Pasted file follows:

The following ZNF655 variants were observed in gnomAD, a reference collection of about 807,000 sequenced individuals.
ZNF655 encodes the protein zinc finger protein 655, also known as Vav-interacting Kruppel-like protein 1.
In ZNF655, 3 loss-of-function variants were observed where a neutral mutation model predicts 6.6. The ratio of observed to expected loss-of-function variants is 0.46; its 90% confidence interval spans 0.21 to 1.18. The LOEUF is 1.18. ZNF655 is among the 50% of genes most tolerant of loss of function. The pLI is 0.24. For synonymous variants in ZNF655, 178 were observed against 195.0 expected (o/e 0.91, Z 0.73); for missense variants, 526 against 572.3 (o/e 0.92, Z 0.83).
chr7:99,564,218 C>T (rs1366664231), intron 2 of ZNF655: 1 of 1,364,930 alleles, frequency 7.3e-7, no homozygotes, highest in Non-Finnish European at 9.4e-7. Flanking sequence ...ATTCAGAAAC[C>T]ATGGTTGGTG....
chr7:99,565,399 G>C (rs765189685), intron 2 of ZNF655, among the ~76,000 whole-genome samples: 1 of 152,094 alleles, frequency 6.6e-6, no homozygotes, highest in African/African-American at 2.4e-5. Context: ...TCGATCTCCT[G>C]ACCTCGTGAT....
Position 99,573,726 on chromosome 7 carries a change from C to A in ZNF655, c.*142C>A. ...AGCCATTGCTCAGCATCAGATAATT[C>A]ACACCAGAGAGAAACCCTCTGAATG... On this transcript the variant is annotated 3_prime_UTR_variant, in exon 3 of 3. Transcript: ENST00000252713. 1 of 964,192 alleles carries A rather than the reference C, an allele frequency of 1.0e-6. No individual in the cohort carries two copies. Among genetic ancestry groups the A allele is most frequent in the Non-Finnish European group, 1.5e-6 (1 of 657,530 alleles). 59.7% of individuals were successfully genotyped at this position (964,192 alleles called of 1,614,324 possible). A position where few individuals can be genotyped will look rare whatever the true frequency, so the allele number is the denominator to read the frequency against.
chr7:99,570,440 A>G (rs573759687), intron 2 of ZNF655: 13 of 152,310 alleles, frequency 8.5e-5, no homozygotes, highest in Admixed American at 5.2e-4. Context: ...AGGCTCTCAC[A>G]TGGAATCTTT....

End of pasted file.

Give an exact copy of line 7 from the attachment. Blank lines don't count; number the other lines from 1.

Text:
chr7:99,570,440 A>G (rs573759687), intron 2 of ZNF655: 13 of 152,310 alleles, frequency 8.5e-5, no homozygotes, highest in Admixed American at 5.2e-4. Context: ...AGGCTCTCAC[A>G]TGGAATCTTT....